Surely you remember "the Best Lois Lane Panel Ever"?
Thanks to Absorbascommando Don Reisig, we know that that Golden Age panel was reprised in the Silver Age. Or was it?
In the Golden Age, it looked like this:
Lois has engaged an eminent psychiatrist (you can tell from the beard) with the most powerful Yellow File Card of Piercing Insight imaginable. Where was this man when Hal Jordan lost it, I ask you? Lois is an active participant in her own recovery, alert, leaning forward aggressively into the doctor's territory. Plus, she's wearing one of the spunkiest little outfits I've ever seen, right down to the kryptonite green gloves. That's a Golden Age outfit that screams, "Don't muck with me, doc! I've got a problem and I'm here to solve it!" No shame, no shyness; there's a reason Lois is in Action Comics, folks. Dr. James Lipton is all aquiver and can barely keep up with the Lois's psyche, and the whole scene's more like a riveting evening on Inside the Gal Reporter's Studio than a shrink session.
But, oh, in the Silver Age! In the Silver Age, it looked like this:Lo, how the mighty have fallen! No more Viennese experts for poor Lo-Lo. She's stuck with the bored and weary corner pharmacist, who, instead of using a Famous Freudian Filebox, is calmly scratching out her prescription for Xanax on a cheap steno pad from the Rea & Derrick he works at, immediately aware that she's a hopeless codependent mess. And she is, lying there in some frumpy suburban hausfrau outfit like a worn-out dishrag, draped supine on a cheesy hospital cot like a M*A*S*H extra, with her hand stuck to her forehead in the universal "woe is me" symbol.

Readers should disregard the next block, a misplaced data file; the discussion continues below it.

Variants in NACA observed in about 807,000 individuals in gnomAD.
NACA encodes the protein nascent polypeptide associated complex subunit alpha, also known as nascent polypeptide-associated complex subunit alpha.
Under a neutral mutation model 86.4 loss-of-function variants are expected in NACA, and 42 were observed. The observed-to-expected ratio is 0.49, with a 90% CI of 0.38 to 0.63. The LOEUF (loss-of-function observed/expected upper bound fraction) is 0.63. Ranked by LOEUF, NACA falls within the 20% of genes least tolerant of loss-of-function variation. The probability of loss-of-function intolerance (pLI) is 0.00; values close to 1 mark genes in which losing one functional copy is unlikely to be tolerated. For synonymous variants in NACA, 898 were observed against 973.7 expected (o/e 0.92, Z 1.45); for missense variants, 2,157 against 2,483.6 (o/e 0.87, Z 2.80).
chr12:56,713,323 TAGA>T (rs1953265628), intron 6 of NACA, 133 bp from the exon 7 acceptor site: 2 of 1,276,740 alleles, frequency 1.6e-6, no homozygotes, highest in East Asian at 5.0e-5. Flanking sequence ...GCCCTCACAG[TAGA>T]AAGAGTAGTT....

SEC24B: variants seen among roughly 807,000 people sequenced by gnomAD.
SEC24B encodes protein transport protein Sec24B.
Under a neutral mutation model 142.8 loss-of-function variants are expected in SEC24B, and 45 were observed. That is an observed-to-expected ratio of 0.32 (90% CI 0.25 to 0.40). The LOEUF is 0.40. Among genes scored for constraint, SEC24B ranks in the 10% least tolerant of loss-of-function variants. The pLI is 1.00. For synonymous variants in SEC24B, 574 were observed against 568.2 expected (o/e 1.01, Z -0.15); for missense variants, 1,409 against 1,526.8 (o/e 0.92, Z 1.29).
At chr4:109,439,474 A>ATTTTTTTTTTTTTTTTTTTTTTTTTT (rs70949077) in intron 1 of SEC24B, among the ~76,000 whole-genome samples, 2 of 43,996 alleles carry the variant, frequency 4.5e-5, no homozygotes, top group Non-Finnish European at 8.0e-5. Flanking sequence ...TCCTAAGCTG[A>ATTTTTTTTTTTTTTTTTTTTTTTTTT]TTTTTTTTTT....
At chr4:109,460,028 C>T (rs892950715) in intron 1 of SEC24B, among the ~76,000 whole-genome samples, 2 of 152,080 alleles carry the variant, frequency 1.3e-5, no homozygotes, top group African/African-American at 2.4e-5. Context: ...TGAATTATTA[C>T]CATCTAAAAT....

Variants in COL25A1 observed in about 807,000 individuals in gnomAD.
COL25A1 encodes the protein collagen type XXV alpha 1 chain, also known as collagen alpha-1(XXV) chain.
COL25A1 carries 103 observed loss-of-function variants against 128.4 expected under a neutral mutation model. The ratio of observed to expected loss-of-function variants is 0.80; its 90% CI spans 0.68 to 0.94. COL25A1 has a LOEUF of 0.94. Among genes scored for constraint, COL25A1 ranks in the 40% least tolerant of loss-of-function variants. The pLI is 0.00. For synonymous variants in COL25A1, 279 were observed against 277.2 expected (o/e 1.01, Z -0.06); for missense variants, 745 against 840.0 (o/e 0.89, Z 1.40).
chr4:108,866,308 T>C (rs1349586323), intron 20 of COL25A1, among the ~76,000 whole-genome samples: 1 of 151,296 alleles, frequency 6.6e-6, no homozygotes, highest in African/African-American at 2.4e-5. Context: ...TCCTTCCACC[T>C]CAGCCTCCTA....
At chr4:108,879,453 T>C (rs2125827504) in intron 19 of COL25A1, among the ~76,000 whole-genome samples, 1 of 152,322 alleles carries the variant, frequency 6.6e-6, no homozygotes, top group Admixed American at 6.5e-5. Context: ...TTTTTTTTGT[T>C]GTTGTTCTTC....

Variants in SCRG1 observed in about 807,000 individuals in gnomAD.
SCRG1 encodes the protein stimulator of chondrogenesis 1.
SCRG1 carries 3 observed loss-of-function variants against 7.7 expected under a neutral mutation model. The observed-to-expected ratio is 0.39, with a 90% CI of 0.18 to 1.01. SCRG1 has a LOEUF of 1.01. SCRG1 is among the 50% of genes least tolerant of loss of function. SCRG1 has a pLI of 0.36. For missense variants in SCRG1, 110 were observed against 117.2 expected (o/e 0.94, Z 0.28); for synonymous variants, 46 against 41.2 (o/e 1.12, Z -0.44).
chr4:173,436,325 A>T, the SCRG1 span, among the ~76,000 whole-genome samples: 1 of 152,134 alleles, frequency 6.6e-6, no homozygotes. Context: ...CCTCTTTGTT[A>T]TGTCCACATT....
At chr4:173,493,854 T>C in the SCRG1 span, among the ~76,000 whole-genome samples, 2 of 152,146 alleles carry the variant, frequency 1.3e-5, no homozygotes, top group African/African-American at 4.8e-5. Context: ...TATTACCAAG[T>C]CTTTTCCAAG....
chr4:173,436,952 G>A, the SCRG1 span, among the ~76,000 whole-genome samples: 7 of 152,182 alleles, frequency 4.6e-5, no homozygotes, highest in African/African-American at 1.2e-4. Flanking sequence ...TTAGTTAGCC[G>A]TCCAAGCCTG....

You disgust me, Silver Age Lois! Where is your Golden Age verve, your gal-elan, your moxie? Gone, all of it, eroded by month after month of cruel identity hoaxes, hissies with Lana, bizarrely extreme yet still temporary transmogrifications of your physiognomy, and imaginary stories spent shacking up with chubby Lex Luthor. There it lies, a silent but eloquent indictment of post-war American society, the remains of the Toughest Cookie in the Golden Age, eaten away by the acidic insanity of the Silver Age.